In tantric literature, plants of recognized medicinal value (such as neem, pipal, madar, shami, durva, aparajita, and tulsi) are viewed as goddesses. In remote villages in India, Nepal, and Tibet, where modern civilization has not yet cast its spell, people recognize the presence of the divine in cows, ants, frogs, snakes, elephants, and monkeys. In Indian mythology, the lion is described as the vehicle, or carrier, of the goddess Durga; the bull as the vehicle of Shiva; the rat, of Ganesha; the dog, of Bhairava; the swan, of Sarasvati; the eagle, of Vishnu; and the water buffalo, of the Lord of Death. True, these associations are laden with cultural baggage, but they also show that the torchbearers of the Vedic culture understood that these seemingly insignificant creatures are so integral a part of the divine that it cannot move without them. In other words, the ancient masters saw that energy imbued with consciousness undergirds all of nature’s physical manifestations. Seeing this, they opened their hearts to these forces. And by recognizing the sacred in the apparently mundane, they developed the sensitivity and mental power to communicate with all of nature’s forces. It is this sensitivity that enabled them to discover the spiritual dimension of medicine, alchemy, horticulture, gemology, astrology, architecture, and different branches of the arts and sciences.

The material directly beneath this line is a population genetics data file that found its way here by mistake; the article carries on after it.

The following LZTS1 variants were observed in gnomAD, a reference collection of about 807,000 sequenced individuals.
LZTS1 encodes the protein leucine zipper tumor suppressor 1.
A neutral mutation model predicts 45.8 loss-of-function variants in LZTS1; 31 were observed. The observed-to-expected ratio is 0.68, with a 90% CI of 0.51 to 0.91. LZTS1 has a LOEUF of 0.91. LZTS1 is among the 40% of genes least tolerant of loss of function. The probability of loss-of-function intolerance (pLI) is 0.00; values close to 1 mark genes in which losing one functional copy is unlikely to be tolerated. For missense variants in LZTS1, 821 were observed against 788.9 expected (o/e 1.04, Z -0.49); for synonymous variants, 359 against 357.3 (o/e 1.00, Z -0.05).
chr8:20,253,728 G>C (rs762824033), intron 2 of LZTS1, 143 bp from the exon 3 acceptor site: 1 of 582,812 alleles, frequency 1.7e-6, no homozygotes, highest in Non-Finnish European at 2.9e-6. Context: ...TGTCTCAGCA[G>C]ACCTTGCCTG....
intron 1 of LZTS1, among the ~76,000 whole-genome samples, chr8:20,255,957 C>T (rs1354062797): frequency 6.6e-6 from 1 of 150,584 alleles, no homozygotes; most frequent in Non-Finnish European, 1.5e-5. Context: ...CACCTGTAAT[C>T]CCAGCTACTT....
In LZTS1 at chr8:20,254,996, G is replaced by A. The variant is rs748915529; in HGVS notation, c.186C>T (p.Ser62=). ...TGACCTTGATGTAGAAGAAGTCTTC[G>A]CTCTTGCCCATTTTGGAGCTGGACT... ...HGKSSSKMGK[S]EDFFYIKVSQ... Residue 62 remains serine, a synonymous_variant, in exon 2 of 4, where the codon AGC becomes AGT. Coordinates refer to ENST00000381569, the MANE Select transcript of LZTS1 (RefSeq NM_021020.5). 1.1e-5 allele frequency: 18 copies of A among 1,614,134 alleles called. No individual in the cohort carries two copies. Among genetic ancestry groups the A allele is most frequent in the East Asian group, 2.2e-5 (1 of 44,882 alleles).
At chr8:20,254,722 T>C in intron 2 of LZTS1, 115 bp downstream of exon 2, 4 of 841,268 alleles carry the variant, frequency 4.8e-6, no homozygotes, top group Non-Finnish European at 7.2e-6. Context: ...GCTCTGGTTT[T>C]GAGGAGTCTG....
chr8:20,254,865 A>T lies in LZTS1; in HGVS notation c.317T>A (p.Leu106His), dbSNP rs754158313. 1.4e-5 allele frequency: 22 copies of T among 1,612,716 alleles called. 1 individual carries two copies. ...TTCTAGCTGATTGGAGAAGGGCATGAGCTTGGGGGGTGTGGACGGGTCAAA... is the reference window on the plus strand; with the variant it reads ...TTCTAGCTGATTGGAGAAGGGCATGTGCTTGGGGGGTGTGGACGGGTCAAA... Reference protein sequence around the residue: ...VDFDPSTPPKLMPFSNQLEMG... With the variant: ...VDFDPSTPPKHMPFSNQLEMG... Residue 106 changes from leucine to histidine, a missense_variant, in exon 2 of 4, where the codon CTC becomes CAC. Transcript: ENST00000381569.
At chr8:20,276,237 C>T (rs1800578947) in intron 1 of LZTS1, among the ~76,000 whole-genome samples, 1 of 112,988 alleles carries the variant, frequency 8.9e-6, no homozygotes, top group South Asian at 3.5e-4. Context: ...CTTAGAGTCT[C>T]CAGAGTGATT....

These great spiritual naturalists were also realists. They knew that not all humans would understand their oneness with nature and that without this understanding humans would exploit her. They foresaw that ignorance, desire, and possessiveness would cause us to see natural resources only as objects for our consumption and that, because appetite grows with what it feeds on, we would want to consume beyond limit, without considering the consequences.